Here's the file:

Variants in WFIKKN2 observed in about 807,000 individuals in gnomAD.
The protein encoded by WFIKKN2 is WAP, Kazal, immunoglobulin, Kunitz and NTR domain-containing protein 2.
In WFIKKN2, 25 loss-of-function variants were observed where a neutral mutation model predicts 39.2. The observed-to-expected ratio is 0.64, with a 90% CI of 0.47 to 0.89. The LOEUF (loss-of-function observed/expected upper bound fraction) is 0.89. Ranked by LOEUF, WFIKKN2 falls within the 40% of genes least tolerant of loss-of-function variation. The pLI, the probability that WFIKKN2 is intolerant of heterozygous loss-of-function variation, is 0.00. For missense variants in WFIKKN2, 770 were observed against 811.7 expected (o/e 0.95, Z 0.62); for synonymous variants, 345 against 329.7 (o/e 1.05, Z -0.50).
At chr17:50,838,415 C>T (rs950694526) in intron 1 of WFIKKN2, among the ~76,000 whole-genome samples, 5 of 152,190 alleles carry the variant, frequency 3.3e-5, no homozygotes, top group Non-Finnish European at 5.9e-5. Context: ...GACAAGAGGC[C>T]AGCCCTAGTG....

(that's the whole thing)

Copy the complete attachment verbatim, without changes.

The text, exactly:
Variants in WFIKKN2 observed in about 807,000 individuals in gnomAD.
The protein encoded by WFIKKN2 is WAP, Kazal, immunoglobulin, Kunitz and NTR domain-containing protein 2.
In WFIKKN2, 25 loss-of-function variants were observed where a neutral mutation model predicts 39.2. The observed-to-expected ratio is 0.64, with a 90% CI of 0.47 to 0.89. The LOEUF (loss-of-function observed/expected upper bound fraction) is 0.89. Ranked by LOEUF, WFIKKN2 falls within the 40% of genes least tolerant of loss-of-function variation. The pLI, the probability that WFIKKN2 is intolerant of heterozygous loss-of-function variation, is 0.00. For missense variants in WFIKKN2, 770 were observed against 811.7 expected (o/e 0.95, Z 0.62); for synonymous variants, 345 against 329.7 (o/e 1.05, Z -0.50).
At chr17:50,838,415 C>T (rs950694526) in intron 1 of WFIKKN2, among the ~76,000 whole-genome samples, 5 of 152,190 alleles carry the variant, frequency 3.3e-5, no homozygotes, top group Non-Finnish European at 5.9e-5. Context: ...GACAAGAGGC[C>T]AGCCCTAGTG....